SS Utrecht: Captain's Ashvin Grootenhuis Logbook
Wind: 6 knots NE
Latitude: 9°07'51.2"N 89°47'56.2"E
Sighting of the SS-Berwyn around noon, radio contact. Bad news: SS-Perseus was sunk by a mine, just 600 miles from where we are; may God have mercy on her souls. The war is advancing, we are neutral but who knows? maybe its horrors will reach us soon.
I have put Mr. Knobben on an administrative sanction, full name and rank: Seppe Knobben, 1st class Sailor, motorman. It seems Mr. Knobben has been intimidating other colleagues, particularly Mr. Lachman because of his... condition. My Chief Officer, Mr. Havelaar has confirmed it.
Mr. Knobben has fully accepted his fault and vowed he would not insist in such inappropriate behavior again. This is doubtful: I recommend to evaluate his behavior soon as we return home and before renewing his contract.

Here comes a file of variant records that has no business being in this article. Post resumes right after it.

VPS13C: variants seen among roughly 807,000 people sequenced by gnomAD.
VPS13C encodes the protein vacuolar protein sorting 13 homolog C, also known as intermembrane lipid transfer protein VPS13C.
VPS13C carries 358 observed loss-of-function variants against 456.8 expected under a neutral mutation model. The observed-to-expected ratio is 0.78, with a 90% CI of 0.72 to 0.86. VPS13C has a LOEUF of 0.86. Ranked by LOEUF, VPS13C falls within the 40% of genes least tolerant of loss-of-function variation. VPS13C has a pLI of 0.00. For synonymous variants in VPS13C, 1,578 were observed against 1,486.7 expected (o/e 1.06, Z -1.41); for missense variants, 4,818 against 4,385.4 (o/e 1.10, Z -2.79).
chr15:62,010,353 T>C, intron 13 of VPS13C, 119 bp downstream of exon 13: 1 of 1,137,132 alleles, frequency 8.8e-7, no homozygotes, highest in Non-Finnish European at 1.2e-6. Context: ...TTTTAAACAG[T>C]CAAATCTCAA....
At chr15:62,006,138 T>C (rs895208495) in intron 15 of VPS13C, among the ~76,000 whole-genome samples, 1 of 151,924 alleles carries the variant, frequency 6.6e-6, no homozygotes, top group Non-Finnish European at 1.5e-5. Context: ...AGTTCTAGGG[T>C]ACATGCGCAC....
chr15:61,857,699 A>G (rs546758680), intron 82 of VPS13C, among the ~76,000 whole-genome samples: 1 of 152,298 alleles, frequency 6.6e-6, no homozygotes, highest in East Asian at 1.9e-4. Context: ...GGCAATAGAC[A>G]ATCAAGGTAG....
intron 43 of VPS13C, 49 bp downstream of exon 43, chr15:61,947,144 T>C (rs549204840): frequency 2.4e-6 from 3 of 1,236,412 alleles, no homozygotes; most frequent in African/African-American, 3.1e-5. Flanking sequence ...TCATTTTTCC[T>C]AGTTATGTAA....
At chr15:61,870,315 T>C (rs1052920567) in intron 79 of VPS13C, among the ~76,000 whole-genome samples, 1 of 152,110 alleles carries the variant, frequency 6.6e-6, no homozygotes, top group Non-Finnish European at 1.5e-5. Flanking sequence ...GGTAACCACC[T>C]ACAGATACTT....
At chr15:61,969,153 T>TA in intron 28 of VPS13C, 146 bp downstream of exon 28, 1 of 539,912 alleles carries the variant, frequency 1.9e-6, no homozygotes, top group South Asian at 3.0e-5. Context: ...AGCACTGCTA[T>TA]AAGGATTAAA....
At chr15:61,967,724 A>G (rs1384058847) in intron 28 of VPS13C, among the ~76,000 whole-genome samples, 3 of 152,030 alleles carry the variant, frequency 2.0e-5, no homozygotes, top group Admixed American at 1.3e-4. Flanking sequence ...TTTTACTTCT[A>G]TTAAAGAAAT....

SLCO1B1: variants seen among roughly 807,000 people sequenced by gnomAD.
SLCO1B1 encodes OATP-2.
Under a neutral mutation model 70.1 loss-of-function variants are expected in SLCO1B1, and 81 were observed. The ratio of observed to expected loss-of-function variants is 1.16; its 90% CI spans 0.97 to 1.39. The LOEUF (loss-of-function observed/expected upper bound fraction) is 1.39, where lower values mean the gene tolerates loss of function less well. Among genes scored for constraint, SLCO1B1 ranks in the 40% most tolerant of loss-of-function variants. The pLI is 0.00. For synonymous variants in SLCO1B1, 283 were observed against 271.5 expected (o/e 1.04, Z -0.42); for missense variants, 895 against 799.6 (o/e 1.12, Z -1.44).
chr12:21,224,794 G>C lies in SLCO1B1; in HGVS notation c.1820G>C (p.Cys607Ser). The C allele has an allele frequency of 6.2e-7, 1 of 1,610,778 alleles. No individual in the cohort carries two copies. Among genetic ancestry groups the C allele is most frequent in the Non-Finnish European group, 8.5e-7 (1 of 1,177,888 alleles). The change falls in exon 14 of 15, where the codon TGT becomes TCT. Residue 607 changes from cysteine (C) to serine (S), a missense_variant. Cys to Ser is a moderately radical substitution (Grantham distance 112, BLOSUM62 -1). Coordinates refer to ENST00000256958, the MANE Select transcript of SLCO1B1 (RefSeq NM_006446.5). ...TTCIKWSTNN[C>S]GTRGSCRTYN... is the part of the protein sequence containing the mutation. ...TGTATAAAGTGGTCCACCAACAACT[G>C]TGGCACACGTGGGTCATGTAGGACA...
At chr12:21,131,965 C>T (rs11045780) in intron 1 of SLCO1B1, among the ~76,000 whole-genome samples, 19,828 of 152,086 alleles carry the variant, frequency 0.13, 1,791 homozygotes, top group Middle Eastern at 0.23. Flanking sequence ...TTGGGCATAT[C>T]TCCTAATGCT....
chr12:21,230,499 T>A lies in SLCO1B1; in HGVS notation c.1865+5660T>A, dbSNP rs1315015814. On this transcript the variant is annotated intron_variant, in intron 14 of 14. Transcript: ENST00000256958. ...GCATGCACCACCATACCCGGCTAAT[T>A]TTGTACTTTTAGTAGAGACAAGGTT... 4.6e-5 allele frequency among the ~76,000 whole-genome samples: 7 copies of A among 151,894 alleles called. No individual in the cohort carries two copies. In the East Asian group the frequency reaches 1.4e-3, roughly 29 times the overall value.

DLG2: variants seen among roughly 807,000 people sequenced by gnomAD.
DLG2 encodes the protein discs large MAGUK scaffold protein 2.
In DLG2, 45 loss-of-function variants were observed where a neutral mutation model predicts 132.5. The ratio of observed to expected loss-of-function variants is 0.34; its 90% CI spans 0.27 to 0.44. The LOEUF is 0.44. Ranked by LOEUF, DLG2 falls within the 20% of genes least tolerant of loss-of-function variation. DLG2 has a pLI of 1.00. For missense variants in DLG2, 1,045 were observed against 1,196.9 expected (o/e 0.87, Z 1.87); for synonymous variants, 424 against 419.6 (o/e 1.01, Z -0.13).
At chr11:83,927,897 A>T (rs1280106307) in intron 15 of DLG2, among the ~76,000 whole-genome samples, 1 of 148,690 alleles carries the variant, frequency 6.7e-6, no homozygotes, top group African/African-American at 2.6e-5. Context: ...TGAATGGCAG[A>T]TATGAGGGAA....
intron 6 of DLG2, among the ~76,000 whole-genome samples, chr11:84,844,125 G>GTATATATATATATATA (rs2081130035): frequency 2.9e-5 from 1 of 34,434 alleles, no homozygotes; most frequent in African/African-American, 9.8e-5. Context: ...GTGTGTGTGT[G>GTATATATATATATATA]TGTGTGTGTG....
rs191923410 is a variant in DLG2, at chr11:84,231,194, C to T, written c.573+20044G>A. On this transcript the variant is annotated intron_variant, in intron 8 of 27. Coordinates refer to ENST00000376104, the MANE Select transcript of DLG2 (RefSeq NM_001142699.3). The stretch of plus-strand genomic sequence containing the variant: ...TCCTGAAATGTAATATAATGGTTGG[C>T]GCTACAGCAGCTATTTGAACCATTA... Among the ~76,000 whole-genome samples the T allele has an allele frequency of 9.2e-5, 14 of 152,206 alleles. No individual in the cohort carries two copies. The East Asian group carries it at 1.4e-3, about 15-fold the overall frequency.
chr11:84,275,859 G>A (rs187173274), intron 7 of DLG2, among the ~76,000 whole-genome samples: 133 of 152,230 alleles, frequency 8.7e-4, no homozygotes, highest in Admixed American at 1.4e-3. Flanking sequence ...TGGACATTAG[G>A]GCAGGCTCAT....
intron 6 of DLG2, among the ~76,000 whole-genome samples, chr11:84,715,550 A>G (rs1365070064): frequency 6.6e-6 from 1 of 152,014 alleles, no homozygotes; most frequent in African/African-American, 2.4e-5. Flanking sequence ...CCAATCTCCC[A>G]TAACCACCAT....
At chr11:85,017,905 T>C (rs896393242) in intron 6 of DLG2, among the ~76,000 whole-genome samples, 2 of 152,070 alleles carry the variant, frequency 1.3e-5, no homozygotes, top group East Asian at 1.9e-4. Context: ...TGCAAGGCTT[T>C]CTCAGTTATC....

Mr. Harteveld reports leaks on line 23 of the primary boiler; The cause is salt corrosion in the re-entry valves. So far Mr. Knobben has been able to seal them with brass but upon arrival in Singapore, I will assess if a full replacement can wait until Rotterdam; it will be more expensive to change the lines in a foreign [port], but the risk [of being] adrift or exploding through the air is considerable.
Mr. Klaassen suffered a stomach infection; the problem was traced to cans of corned beef. I issued orders to Mr. Lachman to destroy the batch August-September, 1913. In all, 58 units were thrown overboard; Without a doctor, the risk of botulism is not worth it. Mr. Klaassen's problem was not serious, but I post this in the Log to emphasize the importance of having a certified physician on board. It is difficult to treat this type of poisoning inside the ship and it is even more so in Southeast Asia, where it is already difficult to find Western medicine.
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